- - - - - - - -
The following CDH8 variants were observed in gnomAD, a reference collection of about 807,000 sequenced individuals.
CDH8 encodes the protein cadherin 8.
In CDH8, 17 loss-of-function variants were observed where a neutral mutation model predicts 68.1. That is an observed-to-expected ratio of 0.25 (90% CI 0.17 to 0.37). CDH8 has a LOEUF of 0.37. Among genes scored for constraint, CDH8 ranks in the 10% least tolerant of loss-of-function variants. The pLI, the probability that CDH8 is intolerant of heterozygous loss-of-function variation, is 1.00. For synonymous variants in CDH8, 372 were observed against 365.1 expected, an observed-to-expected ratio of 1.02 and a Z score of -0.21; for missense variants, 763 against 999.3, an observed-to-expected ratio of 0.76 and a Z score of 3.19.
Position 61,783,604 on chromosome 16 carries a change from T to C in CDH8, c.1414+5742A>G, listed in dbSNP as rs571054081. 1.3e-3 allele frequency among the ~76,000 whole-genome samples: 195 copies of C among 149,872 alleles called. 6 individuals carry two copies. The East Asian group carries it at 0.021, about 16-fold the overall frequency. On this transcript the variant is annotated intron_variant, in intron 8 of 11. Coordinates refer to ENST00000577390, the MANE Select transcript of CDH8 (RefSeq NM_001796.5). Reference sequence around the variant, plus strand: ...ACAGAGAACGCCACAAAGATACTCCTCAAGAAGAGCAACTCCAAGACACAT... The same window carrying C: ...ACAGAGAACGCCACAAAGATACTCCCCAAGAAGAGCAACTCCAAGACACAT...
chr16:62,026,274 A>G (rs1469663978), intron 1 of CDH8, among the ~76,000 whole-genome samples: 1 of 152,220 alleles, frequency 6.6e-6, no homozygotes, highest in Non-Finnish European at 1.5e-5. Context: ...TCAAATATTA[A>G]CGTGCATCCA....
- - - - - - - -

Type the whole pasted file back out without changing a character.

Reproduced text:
The following CDH8 variants were observed in gnomAD, a reference collection of about 807,000 sequenced individuals.
CDH8 encodes the protein cadherin 8.
In CDH8, 17 loss-of-function variants were observed where a neutral mutation model predicts 68.1. That is an observed-to-expected ratio of 0.25 (90% CI 0.17 to 0.37). CDH8 has a LOEUF of 0.37. Among genes scored for constraint, CDH8 ranks in the 10% least tolerant of loss-of-function variants. The pLI, the probability that CDH8 is intolerant of heterozygous loss-of-function variation, is 1.00. For synonymous variants in CDH8, 372 were observed against 365.1 expected, an observed-to-expected ratio of 1.02 and a Z score of -0.21; for missense variants, 763 against 999.3, an observed-to-expected ratio of 0.76 and a Z score of 3.19.
Position 61,783,604 on chromosome 16 carries a change from T to C in CDH8, c.1414+5742A>G, listed in dbSNP as rs571054081. 1.3e-3 allele frequency among the ~76,000 whole-genome samples: 195 copies of C among 149,872 alleles called. 6 individuals carry two copies. The East Asian group carries it at 0.021, about 16-fold the overall frequency. On this transcript the variant is annotated intron_variant, in intron 8 of 11. Coordinates refer to ENST00000577390, the MANE Select transcript of CDH8 (RefSeq NM_001796.5). Reference sequence around the variant, plus strand: ...ACAGAGAACGCCACAAAGATACTCCTCAAGAAGAGCAACTCCAAGACACAT... The same window carrying C: ...ACAGAGAACGCCACAAAGATACTCCCCAAGAAGAGCAACTCCAAGACACAT...
chr16:62,026,274 A>G (rs1469663978), intron 1 of CDH8, among the ~76,000 whole-genome samples: 1 of 152,220 alleles, frequency 6.6e-6, no homozygotes, highest in Non-Finnish European at 1.5e-5. Context: ...TCAAATATTA[A>G]CGTGCATCCA....